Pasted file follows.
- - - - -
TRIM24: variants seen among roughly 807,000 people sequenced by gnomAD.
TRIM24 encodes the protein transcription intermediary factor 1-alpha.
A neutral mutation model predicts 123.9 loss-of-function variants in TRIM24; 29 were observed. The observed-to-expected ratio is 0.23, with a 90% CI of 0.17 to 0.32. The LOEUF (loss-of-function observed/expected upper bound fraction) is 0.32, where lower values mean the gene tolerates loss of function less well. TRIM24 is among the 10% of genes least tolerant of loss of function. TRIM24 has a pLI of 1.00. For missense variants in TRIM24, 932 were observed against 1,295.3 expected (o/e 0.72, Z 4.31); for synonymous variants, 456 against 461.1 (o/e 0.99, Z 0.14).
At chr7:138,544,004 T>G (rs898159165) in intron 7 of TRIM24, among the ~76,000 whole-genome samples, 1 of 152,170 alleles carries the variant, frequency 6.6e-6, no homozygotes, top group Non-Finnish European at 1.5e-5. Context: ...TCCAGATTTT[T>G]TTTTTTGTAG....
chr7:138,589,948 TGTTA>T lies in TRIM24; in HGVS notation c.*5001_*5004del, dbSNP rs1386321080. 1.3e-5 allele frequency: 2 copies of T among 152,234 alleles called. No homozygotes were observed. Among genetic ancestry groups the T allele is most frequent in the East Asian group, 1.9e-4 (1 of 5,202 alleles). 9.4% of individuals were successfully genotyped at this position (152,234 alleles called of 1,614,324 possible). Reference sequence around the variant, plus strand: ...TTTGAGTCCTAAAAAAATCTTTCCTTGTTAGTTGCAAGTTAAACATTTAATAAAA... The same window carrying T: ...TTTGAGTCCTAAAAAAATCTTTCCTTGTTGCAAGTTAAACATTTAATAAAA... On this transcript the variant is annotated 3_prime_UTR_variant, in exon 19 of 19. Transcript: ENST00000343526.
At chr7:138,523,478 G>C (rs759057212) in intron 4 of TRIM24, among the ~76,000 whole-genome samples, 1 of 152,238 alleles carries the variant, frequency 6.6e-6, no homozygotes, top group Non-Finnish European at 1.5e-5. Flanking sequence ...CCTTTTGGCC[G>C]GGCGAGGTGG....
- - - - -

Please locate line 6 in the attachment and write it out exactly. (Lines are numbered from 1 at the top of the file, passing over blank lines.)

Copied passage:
At chr7:138,523,478 G>C (rs759057212) in intron 4 of TRIM24, among the ~76,000 whole-genome samples, 1 of 152,238 alleles carries the variant, frequency 6.6e-6, no homozygotes, top group Non-Finnish European at 1.5e-5. Flanking sequence ...CCTTTTGGCC[G>C]GGCGAGGTGG....